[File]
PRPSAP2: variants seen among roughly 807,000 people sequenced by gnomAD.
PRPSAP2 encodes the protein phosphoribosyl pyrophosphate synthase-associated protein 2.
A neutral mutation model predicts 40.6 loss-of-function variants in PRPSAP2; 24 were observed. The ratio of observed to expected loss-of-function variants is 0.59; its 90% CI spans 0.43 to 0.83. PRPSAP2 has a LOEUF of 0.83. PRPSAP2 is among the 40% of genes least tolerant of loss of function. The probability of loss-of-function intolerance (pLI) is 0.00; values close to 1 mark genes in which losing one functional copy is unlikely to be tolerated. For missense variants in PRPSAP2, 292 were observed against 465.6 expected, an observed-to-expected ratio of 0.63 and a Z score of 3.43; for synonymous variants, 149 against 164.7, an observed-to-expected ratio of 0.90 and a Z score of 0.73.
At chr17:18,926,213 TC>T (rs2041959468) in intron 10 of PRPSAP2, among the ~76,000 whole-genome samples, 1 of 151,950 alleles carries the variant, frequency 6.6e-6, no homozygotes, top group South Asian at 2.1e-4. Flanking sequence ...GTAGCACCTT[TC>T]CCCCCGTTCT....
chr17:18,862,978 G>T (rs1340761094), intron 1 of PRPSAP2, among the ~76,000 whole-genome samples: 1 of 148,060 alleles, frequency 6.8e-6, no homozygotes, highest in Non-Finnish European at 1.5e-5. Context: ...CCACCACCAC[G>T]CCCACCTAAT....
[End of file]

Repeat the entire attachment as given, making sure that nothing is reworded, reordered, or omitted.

PRPSAP2: variants seen among roughly 807,000 people sequenced by gnomAD.
PRPSAP2 encodes the protein phosphoribosyl pyrophosphate synthase-associated protein 2.
A neutral mutation model predicts 40.6 loss-of-function variants in PRPSAP2; 24 were observed. The ratio of observed to expected loss-of-function variants is 0.59; its 90% CI spans 0.43 to 0.83. PRPSAP2 has a LOEUF of 0.83. PRPSAP2 is among the 40% of genes least tolerant of loss of function. The probability of loss-of-function intolerance (pLI) is 0.00; values close to 1 mark genes in which losing one functional copy is unlikely to be tolerated. For missense variants in PRPSAP2, 292 were observed against 465.6 expected, an observed-to-expected ratio of 0.63 and a Z score of 3.43; for synonymous variants, 149 against 164.7, an observed-to-expected ratio of 0.90 and a Z score of 0.73.
At chr17:18,926,213 TC>T (rs2041959468) in intron 10 of PRPSAP2, among the ~76,000 whole-genome samples, 1 of 151,950 alleles carries the variant, frequency 6.6e-6, no homozygotes, top group South Asian at 2.1e-4. Flanking sequence ...GTAGCACCTT[TC>T]CCCCCGTTCT....
chr17:18,862,978 G>T (rs1340761094), intron 1 of PRPSAP2, among the ~76,000 whole-genome samples: 1 of 148,060 alleles, frequency 6.8e-6, no homozygotes, highest in Non-Finnish European at 1.5e-5. Context: ...CCACCACCAC[G>T]CCCACCTAAT....